so do the move.. learn how.. and if in 10 years or so.. its pissin you off.. get rid of it then ... IMHO ...

BTW.. if you are going to put up with a sweetgum.. invest in one of the variegated ones.. see link .. at least teh show is worth the gumballs ...

and.. finally.. crush a leaf.. and smell it.. its a very cool scent.. but rather ephemeral .. it wont last but a few seconds ... just roll a leaf in your hands.. as hard as you can crush it ... and let me know .... what you think the scent is ...


Here is a link that might be useful: link

    Bookmark   November 15, 2012 at 7:54AM
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davidrt28 (zone 7)

If I may point out the obvious: if you're moving something that was the weed seedling of a another tree...guess what? Your going to be dealing with many, many more weed seedlings in a few years. This is an incredible pet peeve of mine. Rural people (which may or may not characterize the OP, I'm speaking generally) seem to think any little weed tree seedling in their garden is a durn-tootin gift from gawd. Well, so are rats. That doesn't mean they should be fed, watered, and given free room and board. Some hayseed neighbor of mine lets them grow up near the power lines that feed our cluster of houses. Guess what blew over in hurricane Irene and caused us to be without power for 80 hours?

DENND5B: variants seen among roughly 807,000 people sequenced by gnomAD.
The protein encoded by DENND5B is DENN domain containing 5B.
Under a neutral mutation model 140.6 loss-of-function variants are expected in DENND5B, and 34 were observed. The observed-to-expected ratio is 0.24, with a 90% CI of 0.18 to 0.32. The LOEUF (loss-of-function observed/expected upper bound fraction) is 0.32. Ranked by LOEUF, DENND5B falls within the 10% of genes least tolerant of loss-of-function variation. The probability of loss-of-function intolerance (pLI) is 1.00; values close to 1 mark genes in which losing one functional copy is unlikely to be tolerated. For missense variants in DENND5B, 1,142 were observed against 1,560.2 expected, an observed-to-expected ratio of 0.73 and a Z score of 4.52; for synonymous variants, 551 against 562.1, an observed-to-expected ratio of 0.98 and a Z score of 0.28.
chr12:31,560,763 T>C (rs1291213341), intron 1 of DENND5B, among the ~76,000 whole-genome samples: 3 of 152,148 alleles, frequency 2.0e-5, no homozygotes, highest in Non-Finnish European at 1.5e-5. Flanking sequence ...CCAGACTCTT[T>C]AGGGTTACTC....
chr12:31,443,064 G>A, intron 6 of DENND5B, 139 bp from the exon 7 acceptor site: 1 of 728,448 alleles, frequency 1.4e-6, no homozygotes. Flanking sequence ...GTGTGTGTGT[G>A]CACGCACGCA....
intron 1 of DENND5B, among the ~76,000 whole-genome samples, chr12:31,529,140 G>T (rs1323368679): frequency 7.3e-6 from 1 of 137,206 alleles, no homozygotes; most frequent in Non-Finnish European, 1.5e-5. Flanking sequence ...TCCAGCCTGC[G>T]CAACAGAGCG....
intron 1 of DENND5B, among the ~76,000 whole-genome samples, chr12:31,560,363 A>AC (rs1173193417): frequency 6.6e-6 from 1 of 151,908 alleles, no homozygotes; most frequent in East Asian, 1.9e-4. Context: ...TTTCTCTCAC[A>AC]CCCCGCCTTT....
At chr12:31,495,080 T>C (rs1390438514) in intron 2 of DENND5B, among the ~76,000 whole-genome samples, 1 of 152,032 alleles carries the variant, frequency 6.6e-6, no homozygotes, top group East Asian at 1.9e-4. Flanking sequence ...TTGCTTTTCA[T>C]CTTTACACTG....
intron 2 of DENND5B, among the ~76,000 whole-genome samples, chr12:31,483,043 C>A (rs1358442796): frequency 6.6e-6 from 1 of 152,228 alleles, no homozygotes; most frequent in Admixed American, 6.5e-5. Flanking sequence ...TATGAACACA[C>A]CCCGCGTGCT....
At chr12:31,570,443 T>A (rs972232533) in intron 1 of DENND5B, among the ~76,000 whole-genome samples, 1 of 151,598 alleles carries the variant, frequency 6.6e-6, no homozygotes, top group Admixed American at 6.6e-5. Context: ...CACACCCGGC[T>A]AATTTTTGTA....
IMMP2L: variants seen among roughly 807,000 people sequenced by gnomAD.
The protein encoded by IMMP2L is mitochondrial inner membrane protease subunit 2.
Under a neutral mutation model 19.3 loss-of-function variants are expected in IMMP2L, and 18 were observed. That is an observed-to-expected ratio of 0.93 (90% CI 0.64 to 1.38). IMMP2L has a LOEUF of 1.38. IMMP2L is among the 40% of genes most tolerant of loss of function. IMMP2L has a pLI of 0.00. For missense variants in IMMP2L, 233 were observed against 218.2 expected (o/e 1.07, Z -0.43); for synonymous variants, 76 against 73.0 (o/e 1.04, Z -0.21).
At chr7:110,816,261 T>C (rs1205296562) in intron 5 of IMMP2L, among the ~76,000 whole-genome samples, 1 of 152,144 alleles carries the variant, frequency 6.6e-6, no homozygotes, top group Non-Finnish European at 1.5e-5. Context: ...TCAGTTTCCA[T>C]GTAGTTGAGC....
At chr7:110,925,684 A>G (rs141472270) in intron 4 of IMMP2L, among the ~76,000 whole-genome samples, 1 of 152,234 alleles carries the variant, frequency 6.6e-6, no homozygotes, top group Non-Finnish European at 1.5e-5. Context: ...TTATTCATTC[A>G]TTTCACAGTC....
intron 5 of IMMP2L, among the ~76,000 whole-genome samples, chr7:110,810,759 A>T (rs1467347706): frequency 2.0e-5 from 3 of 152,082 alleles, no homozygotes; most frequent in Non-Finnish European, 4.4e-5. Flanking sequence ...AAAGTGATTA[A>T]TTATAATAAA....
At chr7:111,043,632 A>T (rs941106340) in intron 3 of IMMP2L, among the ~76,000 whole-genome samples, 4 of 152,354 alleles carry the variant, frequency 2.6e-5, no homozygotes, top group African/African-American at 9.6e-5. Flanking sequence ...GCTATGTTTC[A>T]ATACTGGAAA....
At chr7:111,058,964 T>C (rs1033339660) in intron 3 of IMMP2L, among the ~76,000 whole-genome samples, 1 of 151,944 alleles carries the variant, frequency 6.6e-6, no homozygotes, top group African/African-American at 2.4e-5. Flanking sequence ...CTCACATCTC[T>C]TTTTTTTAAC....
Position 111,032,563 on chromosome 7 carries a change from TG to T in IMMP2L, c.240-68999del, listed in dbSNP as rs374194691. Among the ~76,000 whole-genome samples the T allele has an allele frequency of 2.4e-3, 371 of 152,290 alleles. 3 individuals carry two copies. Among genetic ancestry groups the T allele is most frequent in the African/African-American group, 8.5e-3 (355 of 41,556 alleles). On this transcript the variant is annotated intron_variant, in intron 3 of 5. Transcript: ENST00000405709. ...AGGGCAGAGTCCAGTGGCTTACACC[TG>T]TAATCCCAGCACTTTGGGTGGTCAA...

"Are you sure you want that sweetgum with its litter?"
Exactly. Not very nice to step on if you or a friend or relative are going barefoot. There are seedless cultivars if you really want such a wild tree in a garden.

    Bookmark   November 17, 2012 at 7:41AM
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brandon7 TN_zone(7)

It is true that non-wild tree produce less litter.

    Bookmark   November 17, 2012 at 9:11AM
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davidrt28 (zone 7)

Oh come on, I can tell that's not a real tree...unlike these:

Here is a link that might be useful:

    Bookmark   November 17, 2012 at 2:03PM
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terrene(5b MA)